Police say Spaulding showed signs of impairment and screened for driving under the influence of drugs. A court date is pending results from the state forensic lab.
It wasn't immediately known if Spaulding had a lawyer. A phone number rang unanswered Tuesday.

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CEMENT, Okla. (AP) - A teenager in rural Oklahoma made a startling discovery when his barking dog alerted him to an enormous python in his front yard.
Fifteen-year-old JC Lara says he thought he was dreaming when he saw the 14-foot python hissing at his dog outside their home last week in Cement, about 60 miles southwest of Oklahoma City. The teen woke his father, Carmelo Lara, who says he grabbed a shovel because he thought it was a small snake.
Once he saw the python, Carmelo Lara got his gun and shot the snake three times, killing it. Carmelo Lara tells Lawton television station KSWO that he was terrified at first but did what he had to do to protect his family.

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Slalom canoeist Joe Jacobi's 1992 Olympic gold medal, stolen from a car two weeks ago, was found by a 6-year-old Atlanta girl on Saturday.
Chloe Smith found the medal near a road on a walk with her father, but it was missing its metallic base and ribbon.
"When I picked it up, I had to even bite it, I had to even bite down on it, just because I'm like, I don't think this is how they make gold medals," Chloe's father, Wayne, said in a Facebook video.
On June 6, the medal was inside a backpack that was taken from the car after it was broken into, according to NBC's affiliate in Atlanta.
Jacobi, 46, competed in the 1992 Barcelona and 2004 Athens Olympics.
"This medal and seeing people engage with it and just seeing the good that can come from it, I think that's really what today's all about," Jacobi said. "Chloe, we're so grateful to her."

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Huancayo, Peru - Smiling ear to ear, a red-nosed clown took the hand of his blushing bride in a clown-filled wedding ceremony in Peru over the weekend.
A band of balloon-wielding clowns held up their inflatable weapons in homage to the bride and groom.
Local media reported that the couple has been together for more than ten years and that they finally decided to take the plunge.
The groom has been a professional clown for more than 16 years, and he didn't leave his face paint at home on his wedding day. The ceremony was filled with clown antics.
Once instructed by the priest to kiss the bride, the groom laid three smooches on his giddy bride.
There were no sad clowns in sight, though a few tears of joy may have been shed.

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ATLANTA (AP) -- A mystery is brewing in Atlanta, where someone stole an ocean of beer.
A brewery in the city says nearly 3,300 cases of beer went missing when two of its refrigerated trailers were stolen.
SweetWater Brewing Co. said the trailers had been loaded for a morning pickup when they were taken from the plant north of downtown in the pre-dawn darkness Tuesday.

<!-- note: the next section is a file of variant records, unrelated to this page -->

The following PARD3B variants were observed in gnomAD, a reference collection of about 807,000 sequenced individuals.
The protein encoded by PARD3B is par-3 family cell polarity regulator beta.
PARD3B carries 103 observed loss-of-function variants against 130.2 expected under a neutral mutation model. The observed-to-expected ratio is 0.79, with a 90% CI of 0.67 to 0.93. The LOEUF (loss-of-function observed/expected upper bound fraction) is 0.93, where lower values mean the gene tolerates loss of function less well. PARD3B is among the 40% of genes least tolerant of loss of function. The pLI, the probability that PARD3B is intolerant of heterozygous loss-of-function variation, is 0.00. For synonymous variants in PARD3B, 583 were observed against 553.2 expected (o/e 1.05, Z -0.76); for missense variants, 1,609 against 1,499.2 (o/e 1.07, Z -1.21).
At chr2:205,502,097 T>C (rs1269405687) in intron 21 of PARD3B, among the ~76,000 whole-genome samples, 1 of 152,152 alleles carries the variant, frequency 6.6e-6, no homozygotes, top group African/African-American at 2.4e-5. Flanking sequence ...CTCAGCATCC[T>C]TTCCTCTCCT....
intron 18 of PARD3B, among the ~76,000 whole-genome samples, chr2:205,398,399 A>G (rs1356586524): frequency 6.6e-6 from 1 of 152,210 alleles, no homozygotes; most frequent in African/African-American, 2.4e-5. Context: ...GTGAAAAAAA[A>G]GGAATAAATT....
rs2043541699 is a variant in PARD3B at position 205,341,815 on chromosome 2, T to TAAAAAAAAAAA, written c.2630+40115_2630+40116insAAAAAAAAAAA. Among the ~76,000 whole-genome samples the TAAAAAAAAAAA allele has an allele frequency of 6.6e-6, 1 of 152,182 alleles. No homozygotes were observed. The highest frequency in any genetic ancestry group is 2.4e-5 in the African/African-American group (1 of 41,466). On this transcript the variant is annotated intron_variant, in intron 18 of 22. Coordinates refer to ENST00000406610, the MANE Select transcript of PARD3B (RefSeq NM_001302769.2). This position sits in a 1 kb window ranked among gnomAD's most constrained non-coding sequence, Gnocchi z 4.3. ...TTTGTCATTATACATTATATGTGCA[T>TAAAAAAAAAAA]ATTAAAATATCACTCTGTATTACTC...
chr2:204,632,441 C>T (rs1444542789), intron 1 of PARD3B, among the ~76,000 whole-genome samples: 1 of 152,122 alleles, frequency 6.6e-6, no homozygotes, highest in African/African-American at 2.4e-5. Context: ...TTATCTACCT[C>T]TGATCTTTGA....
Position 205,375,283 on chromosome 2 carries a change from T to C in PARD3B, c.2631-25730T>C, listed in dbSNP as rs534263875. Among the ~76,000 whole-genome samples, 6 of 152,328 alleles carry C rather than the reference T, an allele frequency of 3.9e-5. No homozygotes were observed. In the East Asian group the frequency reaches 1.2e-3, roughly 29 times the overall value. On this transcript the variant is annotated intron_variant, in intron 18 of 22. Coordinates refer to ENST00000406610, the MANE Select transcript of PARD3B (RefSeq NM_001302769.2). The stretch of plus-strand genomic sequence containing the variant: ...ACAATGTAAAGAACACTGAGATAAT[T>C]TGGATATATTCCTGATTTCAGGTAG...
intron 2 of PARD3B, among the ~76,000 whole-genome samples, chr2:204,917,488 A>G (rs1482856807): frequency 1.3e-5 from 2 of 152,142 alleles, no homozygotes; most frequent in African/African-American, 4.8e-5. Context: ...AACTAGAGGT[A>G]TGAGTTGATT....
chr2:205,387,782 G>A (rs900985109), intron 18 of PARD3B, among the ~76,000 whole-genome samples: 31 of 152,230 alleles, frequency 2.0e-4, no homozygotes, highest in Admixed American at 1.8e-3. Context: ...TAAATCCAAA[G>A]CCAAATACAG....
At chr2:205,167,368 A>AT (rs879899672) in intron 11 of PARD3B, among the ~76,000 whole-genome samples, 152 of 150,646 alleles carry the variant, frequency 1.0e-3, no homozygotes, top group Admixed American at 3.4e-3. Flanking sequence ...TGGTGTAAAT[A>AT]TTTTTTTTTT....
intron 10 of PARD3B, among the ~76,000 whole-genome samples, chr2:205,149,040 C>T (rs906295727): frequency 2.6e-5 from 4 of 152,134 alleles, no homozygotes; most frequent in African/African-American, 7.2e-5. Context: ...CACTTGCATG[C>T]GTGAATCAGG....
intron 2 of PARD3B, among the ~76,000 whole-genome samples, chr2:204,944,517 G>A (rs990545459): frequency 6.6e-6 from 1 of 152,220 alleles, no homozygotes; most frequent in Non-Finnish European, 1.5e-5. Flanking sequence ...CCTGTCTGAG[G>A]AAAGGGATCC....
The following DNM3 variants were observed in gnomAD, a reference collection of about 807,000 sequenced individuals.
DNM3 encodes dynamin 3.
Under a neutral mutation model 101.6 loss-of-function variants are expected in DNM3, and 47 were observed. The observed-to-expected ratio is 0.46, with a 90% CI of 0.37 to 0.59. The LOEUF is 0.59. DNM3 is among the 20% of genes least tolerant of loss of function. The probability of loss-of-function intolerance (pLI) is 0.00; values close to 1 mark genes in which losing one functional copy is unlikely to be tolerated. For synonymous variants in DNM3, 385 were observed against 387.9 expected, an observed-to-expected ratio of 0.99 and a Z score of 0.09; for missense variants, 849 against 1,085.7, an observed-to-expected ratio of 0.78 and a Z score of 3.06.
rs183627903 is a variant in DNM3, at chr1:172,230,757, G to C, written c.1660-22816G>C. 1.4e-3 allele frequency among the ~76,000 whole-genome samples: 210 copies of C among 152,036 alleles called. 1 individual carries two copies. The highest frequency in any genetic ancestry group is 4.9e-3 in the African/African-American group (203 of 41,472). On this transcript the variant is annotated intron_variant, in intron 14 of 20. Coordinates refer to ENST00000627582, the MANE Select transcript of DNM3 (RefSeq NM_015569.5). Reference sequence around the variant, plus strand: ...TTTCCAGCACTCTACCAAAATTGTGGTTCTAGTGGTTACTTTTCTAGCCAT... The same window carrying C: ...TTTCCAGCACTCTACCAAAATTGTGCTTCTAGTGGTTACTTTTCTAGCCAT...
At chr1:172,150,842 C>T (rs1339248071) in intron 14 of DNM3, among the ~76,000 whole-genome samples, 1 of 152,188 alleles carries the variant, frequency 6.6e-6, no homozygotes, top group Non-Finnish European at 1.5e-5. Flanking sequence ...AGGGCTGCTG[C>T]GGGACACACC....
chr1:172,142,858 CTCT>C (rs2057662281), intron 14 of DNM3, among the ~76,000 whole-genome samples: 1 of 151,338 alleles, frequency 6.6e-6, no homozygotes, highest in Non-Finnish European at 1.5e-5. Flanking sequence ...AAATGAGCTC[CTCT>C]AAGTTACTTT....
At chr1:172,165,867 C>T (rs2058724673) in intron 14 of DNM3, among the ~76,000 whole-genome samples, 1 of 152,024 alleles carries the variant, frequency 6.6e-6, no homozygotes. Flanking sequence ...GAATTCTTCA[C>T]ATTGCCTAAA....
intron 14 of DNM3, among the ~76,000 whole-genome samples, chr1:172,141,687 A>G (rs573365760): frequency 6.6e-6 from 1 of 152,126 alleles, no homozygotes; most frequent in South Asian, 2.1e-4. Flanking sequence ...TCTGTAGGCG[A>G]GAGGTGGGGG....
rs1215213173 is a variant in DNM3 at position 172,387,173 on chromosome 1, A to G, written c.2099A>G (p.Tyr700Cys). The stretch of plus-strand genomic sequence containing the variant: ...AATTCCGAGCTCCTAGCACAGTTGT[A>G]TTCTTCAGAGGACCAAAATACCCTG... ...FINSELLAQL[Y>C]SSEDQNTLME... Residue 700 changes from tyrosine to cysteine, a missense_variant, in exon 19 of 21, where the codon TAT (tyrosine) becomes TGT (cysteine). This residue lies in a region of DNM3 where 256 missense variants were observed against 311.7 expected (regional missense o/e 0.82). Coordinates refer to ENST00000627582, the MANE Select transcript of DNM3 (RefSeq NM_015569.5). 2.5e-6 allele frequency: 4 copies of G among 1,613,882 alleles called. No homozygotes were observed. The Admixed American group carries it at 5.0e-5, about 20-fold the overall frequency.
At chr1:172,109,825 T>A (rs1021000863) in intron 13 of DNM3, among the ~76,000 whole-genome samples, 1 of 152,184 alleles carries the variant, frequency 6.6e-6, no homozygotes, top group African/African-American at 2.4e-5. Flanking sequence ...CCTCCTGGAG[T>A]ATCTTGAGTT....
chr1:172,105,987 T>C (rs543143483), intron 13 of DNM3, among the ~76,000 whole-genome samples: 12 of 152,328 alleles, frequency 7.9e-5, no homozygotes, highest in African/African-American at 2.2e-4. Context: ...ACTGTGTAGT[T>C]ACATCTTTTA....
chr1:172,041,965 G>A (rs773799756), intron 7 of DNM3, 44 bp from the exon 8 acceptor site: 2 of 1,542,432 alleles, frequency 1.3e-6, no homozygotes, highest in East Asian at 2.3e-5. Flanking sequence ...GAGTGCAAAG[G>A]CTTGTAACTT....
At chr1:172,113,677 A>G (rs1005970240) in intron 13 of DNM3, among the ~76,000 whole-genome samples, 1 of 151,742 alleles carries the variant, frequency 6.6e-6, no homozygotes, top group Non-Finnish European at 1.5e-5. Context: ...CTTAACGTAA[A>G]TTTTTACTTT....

"For a small company like us to lose that much beer, it really hurts," said Steve Farace, who handles marketing for the 140-employee craft beer company.
The two trailers carried 3,272 cases altogether - or more than 78,500 bottles - of SweetWater's Summer Variety Pack, company spokeswoman Tucker Berta Sarkisian said.
Both trailers were later found in the Atlanta area by using GPS, but both were empty.
By Tuesday afternoon, about one-fourth of the stolen beer was found at a warehouse in Clayton County just south of Atlanta, Sarkisian said.
Farace was at the warehouse as police looked over the recovered beer and sought clues about who stole it.
Though some of the beer was found, "we can no longer trust that that beer would be up to the quality standards that we as a brewery maintain, so unfortunately we have to destroy it all," Farace said.
The warehouse where the beer was found isn't far from some of the locations where the 1977 movie Smokey and the Bandit was filmed. In the movie, Coors Beer is hauled across the South with a sheriff in hot pursuit. Those similarities have led to plenty of jokes inspired by the movie since word of the crime spread through the SweetWater plant, Farace said.
But it's not generating many laughs at the company.
The timing of the heist is unfortunate, because one of the beers in the Variety Packs contained the company's "Goin' Coastal," a pineapple-flavored IPA which has been in extremely short supply.
"This has pretty much wiped out our Atlanta inventory" for that particular beer, Sarkisian said.
The company is asking retailers to contact them if someone other than the company attempts to sell the beer, which has expiration dates of Sept. 20 or Sept. 21.

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FORT COLLINS, Colo. (AP) - A Fort Collins groom was bitten by a rattle snake while taking wedding photos at scenic Horsetooth Reservoir.
The Coloradoan reports Johnny Benson got immediate help from a Larimer County Park ranger and then was treated at Poudre Valley hospital after being bitten Monday evening and was able to attend his reception with his new wife Laura. His guests, though, were rattled.